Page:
+-+-+-+-+-+-+-+-+-+-+-+-+-+-+-+-+-+-+-+-+-+-+-+-+-+-+-+-+-+-+-+-+
    ...      Enterprise number      |           Padding             |
    +-+-+-+-+-+-+-+-+-+-+-+-+-+-+-+-+-+-+-+-+-+-+-+-+-+-+-+-+-+-+-+-+

A.4.3. Options Template Set Using an Enterprise-Specific Scope

In this example, we want to export the same information as in the example in Section A.4.1: - Total number of IPFIX Messages: exportedPacketCount [RFC5102], with a length of 2 octets - Total number of exported Flows: exportedFlowCount [RFC5102], with a length of 2 octets But this time, the information pertains to a proprietary scope, identified by enterprise-specific Information Element number 123.
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   The format of the Options Template Set is now as follows:

     0                   1                   2                   3
     0 1 2 3 4 5 6 7 8 9 0 1 2 3 4 5 6 7 8 9 0 1 2 3 4 5 6 7 8 9 0 1
    +-+-+-+-+-+-+-+-+-+-+-+-+-+-+-+-+-+-+-+-+-+-+-+-+-+-+-+-+-+-+-+-+
    |         Set ID = 3            |          Length = 28          |
    +-+-+-+-+-+-+-+-+-+-+-+-+-+-+-+-+-+-+-+-+-+-+-+-+-+-+-+-+-+-+-+-+
    |       Template ID 260         |        Field Count = 3        |
    +-+-+-+-+-+-+-+-+-+-+-+-+-+-+-+-+-+-+-+-+-+-+-+-+-+-+-+-+-+-+-+-+
    |     Scope Field Count = 1     |1|Scope 1 Infor. El. Id. = 123 |
    +-+-+-+-+-+-+-+-+-+-+-+-+-+-+-+-+-+-+-+-+-+-+-+-+-+-+-+-+-+-+-+-+
    |    Scope 1 Field Length = 4   |       Enterprise Number      ...
    +-+-+-+-+-+-+-+-+-+-+-+-+-+-+-+-+-+-+-+-+-+-+-+-+-+-+-+-+-+-+-+-+
   ...       Enterprise Number      |0|  exportedPacketCount = 41   |
    +-+-+-+-+-+-+-+-+-+-+-+-+-+-+-+-+-+-+-+-+-+-+-+-+-+-+-+-+-+-+-+-+
    |       Field Length = 2        |0|   exportedFlowCount = 42    |
    +-+-+-+-+-+-+-+-+-+-+-+-+-+-+-+-+-+-+-+-+-+-+-+-+-+-+-+-+-+-+-+-+
    |       Field Length = 2        |           Padding             |
    +-+-+-+-+-+-+-+-+-+-+-+-+-+-+-+-+-+-+-+-+-+-+-+-+-+-+-+-+-+-+-+-+

A.4.4. Data Set Using an Enterprise-Specific Scope

In this example, we report the following two Data Records: Line Card ID | IPFIX Message | Exported Flow Records ------------------------------------------------------------------- Line Card 1 (lineCardId=1) | 345 | 10201 Line Card 2 (lineCardId=2) | 690 | 20402 0 1 2 3 0 1 2 3 4 5 6 7 8 9 0 1 2 3 4 5 6 7 8 9 0 1 2 3 4 5 6 7 8 9 0 1 +-+-+-+-+-+-+-+-+-+-+-+-+-+-+-+-+-+-+-+-+-+-+-+-+-+-+-+-+-+-+-+-+ | Set ID = 260 | Length = 20 | +-+-+-+-+-+-+-+-+-+-+-+-+-+-+-+-+-+-+-+-+-+-+-+-+-+-+-+-+-+-+-+-+ | 1 | +-+-+-+-+-+-+-+-+-+-+-+-+-+-+-+-+-+-+-+-+-+-+-+-+-+-+-+-+-+-+-+-+ | 345 | 10201 | +-+-+-+-+-+-+-+-+-+-+-+-+-+-+-+-+-+-+-+-+-+-+-+-+-+-+-+-+-+-+-+-+ | 2 | +-+-+-+-+-+-+-+-+-+-+-+-+-+-+-+-+-+-+-+-+-+-+-+-+-+-+-+-+-+-+-+-+ | 690 | 20402 | +-+-+-+-+-+-+-+-+-+-+-+-+-+-+-+-+-+-+-+-+-+-+-+-+-+-+-+-+-+-+-+-+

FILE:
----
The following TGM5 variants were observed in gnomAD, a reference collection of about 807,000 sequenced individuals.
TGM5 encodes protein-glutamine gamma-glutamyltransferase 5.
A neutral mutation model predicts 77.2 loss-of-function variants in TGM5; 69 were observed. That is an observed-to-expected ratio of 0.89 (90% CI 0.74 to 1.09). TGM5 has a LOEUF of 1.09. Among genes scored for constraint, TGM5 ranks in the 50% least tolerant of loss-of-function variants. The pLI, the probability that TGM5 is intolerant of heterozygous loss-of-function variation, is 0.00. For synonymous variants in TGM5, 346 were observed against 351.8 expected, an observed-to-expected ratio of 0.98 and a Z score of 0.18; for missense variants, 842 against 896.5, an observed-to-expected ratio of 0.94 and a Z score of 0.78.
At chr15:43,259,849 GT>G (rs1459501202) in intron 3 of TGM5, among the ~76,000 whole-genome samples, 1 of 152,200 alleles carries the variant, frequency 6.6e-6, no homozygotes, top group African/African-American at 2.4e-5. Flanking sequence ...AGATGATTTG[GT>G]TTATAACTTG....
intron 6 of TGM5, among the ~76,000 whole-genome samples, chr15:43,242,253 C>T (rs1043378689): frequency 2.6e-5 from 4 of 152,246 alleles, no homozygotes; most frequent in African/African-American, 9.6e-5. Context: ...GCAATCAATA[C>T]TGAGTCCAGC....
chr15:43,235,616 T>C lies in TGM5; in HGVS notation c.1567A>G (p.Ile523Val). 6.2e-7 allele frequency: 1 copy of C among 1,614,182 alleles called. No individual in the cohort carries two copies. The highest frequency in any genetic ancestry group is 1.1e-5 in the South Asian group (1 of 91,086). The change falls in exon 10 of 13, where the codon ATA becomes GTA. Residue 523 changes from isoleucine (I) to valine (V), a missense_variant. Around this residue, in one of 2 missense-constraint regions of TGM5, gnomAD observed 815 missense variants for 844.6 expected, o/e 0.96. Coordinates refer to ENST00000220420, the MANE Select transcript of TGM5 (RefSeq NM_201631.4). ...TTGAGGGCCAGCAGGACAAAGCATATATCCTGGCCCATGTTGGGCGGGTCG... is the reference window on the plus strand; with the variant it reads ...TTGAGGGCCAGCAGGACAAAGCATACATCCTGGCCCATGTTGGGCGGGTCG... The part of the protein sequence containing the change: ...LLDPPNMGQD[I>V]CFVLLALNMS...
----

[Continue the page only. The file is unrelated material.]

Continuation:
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A.5. Variable-Length Information Element Examples

A.5.1. Example of Variable-Length Information Element with Length Inferior to 255 Octets

0 1 2 3 0 1 2 3 4 5 6 7 8 9 0 1 2 3 4 5 6 7 8 9 0 1 2 3 4 5 6 7 8 9 0 1 +-+-+-+-+-+-+-+-+-+-+-+-+-+-+-+-+-+-+-+-+-+-+-+-+-+-+-+-+-+-+-+-+ | 5 | 5 octet Information Element | +-+-+-+-+-+-+-+-+-+-+-+-+-+-+-+-+-+-+-+-+-+-+-+-+-+-+-+-+-+-+-+-+ | | +-+-+-+-+-+-+-+-+-+-+-+-+-+-+-+-+

A.5.2. Example of Variable-Length Information Element with Length 255 to 65535 Octets

0 1 2 3 0 1 2 3 4 5 6 7 8 9 0 1 2 3 4 5 6 7 8 9 0 1 2 3 4 5 6 7 8 9 0 1 +-+-+-+-+-+-+-+-+-+-+-+-+-+-+-+-+-+-+-+-+-+-+-+-+-+-+-+-+-+-+-+-+ | 255 | 1000 | IE ... | +-+-+-+-+-+-+-+-+-+-+-+-+-+-+-+-+-+-+-+-+-+-+-+-+-+-+-+-+-+-+-+-+ | 1000 octet Information Element | +-+-+-+-+-+-+-+-+-+-+-+-+-+-+-+-+-+-+-+-+-+-+-+-+-+-+-+-+-+-+-+-+ : ... : +-+-+-+-+-+-+-+-+-+-+-+-+-+-+-+-+-+-+-+-+-+-+-+-+-+-+-+-+-+-+-+-+ | ... IE | +-+-+-+-+-+-+-+-+-+-+-+-+-+-+-+-+-+-+-+-+-+-+-+-+

References

Normative References

[RFC1305] Mills, D., "Network Time Protocol (Version 3) Specification, Implementation and Analysis", RFC 1305, March 1992. [RFC2119] Bradner, S., "Key words for use in RFCs to Indicate Requirement Levels", BCP 14, RFC 2119, March 1997. [RFC2434] Narten, T. and H. Alvestrand, "Guidelines for Writing an IANA Considerations Section in RFCs", BCP 26, RFC 2434, October 1998. [RFC3280] Housley, R., Polk, W., Ford, W., and D. Solo, "Internet X.509 Public Key Infrastructure Certificate and Certificate Revocation List (CRL) Profile", RFC 3280, April 2002.
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   [RFC3436]       Jungmaier, A., Rescorla, E., and M. Tuexen,
                   "Transport Layer Security over Stream Control
                   Transmission Protocol", RFC 3436, December 2002.

   [RFC3758]       Stewart, R., Ramalho, M., Xie, Q., Tuexen, M., and P.